alexa Abdominal wall reconstruction with dual layer cross-linked porcine dermal xenograft: the "Pork Sandwich" herniorraphy. 2 weeks), and a defect size greater than 300 cm(2). There were no hernia recurrences in our "Pork Sandwich" group, which contrasted favorably to the retrospective case-control group in which the hernia recurrence rate was 19\% (p = 0.038). DISCUSSION: For the repair of abdominal hernias, primary closure, with component separation as needed, with an underlay and overlay of cross-liked porcine xenograft should be considered to minimize risk of recurrent herniation. Additional long-term prospective comparative studies are needed for further validation of the optimal method and material for repair. Copyright © 2011 British Association of Plastic, Reconstructive and Aesthetic Surgeons. Published by Elsevier Ltd. All rights reserved."/>
Surgery

Surgery

Journal of Medical Implants & Surgery

Author(s): Satterwhite TS, Miri S, Chung C, Spain DA, Lorenz HP,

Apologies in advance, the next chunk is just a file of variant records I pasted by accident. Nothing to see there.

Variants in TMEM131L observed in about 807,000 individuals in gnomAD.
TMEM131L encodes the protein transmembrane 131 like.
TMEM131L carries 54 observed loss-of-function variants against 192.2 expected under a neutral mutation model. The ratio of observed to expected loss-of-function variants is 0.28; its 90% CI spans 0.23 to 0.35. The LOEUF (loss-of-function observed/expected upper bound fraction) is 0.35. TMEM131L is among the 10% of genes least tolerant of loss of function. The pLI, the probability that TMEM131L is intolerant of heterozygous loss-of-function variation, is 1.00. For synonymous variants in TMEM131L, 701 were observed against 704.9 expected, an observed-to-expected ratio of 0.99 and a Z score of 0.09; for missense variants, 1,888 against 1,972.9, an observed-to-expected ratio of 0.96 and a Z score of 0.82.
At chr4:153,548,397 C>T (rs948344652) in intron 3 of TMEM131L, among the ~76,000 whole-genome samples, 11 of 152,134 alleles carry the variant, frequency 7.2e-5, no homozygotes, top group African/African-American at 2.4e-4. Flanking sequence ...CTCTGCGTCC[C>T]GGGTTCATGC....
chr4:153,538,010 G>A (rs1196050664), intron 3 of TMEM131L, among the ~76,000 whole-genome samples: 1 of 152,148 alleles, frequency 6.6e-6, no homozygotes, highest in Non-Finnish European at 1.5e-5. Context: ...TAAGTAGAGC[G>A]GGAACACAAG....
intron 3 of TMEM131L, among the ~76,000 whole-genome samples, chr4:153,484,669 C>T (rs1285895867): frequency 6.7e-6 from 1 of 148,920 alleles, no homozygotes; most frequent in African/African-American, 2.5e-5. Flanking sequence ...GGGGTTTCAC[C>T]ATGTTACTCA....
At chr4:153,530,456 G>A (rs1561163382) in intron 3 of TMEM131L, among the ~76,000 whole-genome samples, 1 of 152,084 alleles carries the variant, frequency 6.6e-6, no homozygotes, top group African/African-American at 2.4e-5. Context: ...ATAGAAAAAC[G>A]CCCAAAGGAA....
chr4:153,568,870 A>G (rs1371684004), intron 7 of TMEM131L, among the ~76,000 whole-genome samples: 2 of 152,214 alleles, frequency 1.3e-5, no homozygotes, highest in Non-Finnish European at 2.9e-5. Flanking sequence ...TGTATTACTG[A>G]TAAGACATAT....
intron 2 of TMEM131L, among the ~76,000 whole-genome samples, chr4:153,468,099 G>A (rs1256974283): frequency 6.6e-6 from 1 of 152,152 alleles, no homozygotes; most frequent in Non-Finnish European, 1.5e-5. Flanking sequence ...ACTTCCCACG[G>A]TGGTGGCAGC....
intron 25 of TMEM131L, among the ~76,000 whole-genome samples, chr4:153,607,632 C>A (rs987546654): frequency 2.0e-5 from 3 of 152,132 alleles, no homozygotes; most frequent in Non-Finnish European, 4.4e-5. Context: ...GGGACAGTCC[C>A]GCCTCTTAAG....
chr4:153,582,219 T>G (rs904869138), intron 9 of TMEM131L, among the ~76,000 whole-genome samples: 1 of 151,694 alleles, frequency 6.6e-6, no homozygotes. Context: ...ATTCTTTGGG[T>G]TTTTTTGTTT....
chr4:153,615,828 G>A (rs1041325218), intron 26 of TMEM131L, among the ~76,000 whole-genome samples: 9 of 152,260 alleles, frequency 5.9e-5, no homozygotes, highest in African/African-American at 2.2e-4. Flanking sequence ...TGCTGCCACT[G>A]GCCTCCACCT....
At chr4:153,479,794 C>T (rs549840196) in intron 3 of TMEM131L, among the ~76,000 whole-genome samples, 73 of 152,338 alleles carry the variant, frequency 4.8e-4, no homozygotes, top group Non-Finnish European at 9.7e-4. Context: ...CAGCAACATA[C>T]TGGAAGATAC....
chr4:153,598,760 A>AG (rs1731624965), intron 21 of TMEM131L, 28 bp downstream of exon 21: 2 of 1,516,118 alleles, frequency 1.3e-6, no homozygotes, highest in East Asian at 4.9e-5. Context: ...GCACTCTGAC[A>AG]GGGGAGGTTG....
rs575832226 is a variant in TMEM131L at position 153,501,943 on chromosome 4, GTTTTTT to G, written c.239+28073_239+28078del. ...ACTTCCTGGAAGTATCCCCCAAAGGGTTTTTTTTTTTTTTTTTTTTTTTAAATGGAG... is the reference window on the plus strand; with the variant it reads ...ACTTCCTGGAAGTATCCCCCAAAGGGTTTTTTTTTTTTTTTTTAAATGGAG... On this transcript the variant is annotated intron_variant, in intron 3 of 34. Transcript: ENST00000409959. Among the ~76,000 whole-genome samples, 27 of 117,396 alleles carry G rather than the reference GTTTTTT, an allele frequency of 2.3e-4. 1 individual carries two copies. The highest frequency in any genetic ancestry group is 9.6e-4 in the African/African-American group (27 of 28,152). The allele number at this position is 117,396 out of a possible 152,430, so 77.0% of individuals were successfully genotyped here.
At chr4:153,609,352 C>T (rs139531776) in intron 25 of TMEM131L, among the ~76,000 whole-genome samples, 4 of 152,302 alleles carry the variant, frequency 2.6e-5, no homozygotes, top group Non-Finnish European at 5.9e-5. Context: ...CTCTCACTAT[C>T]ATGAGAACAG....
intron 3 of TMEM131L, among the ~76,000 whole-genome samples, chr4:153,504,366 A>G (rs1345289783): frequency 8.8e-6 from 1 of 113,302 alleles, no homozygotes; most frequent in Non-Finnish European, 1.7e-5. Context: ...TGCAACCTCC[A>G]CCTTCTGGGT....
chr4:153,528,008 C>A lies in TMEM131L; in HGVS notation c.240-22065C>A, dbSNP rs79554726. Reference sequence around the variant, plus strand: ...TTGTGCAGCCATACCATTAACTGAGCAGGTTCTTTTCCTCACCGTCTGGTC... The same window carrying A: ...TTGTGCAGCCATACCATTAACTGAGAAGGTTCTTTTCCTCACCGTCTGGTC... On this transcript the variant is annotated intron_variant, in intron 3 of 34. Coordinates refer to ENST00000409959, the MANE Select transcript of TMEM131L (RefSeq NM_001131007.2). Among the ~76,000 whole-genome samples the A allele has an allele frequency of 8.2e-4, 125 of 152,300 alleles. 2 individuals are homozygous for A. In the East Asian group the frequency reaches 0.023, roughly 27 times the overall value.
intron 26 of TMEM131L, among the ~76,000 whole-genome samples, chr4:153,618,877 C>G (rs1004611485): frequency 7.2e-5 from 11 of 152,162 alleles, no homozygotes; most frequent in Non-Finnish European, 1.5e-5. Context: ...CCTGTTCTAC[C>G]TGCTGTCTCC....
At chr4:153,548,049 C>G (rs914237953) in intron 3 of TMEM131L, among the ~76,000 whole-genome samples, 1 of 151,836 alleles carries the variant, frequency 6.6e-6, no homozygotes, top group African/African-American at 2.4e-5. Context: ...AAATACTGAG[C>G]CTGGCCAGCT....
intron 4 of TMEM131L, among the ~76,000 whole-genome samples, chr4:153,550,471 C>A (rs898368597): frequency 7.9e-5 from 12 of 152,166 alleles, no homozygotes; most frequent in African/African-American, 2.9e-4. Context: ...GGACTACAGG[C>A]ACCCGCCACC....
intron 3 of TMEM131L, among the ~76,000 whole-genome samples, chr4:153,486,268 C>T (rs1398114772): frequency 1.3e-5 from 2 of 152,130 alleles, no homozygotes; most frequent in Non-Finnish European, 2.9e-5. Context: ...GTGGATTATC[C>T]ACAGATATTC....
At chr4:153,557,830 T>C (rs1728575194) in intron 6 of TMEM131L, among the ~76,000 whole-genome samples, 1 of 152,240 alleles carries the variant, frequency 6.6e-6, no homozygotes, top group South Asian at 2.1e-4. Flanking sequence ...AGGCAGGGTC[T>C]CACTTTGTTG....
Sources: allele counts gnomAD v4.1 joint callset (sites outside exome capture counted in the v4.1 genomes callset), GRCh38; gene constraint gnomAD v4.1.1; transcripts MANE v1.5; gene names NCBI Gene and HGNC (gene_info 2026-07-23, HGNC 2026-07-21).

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Abstract INTRODUCTION: The repair of large ventral hernias is a challenging problem. This study investigated the use of decellularized, chemically cross-linked porcine dermal xenograft in conjunction with component separation (a.k.a. the "Pork Sandwich" Herniorraphy) in the repair of abdominal wall defects. MATERIALS AND METHODS: We prospectively collected data over a 3-year period. Primary or near-total primary fascial closure was our goal in operative repair. A cross-linked porcine dermal xenograft mesh underlay and overlay were used to provide maximal reinforcement of the repair. Outcomes were compared with a case-controlled cohort of 84 patients who underwent ventral hernia repairs with alternative methods at our institution. RESULTS: Nineteen patients were included. Mean age was 55 years old, and mean body mass index (BMI) was 30 kg/m(2). Mean defect size was 321 cm(2). Post-operative complications were observed in ten out of 19 patients. Complications included seroma (n = 2), wound infection (n = 2), abscess (n = 1), skin necrosis (n = 6), and fistula formation (n = 3). Seven patients required re-operation. Statistically significant factors (p < 0.05) that contributed to increased post-operative complications or re-operation rates included smoking, presence of pre-operative enterocutaneous fistulae, extended post-operative hospital stay (>2 weeks), and a defect size greater than 300 cm(2). There were no hernia recurrences in our "Pork Sandwich" group, which contrasted favorably to the retrospective case-control group in which the hernia recurrence rate was 19\% (p = 0.038). DISCUSSION: For the repair of abdominal hernias, primary closure, with component separation as needed, with an underlay and overlay of cross-liked porcine xenograft should be considered to minimize risk of recurrent herniation. Additional long-term prospective comparative studies are needed for further validation of the optimal method and material for repair. Copyright © 2011 British Association of Plastic, Reconstructive and Aesthetic Surgeons. Published by Elsevier Ltd. All rights reserved. This article was published in J Plast Reconstr Aesthet Surg and referenced in Journal of Medical Implants & Surgery

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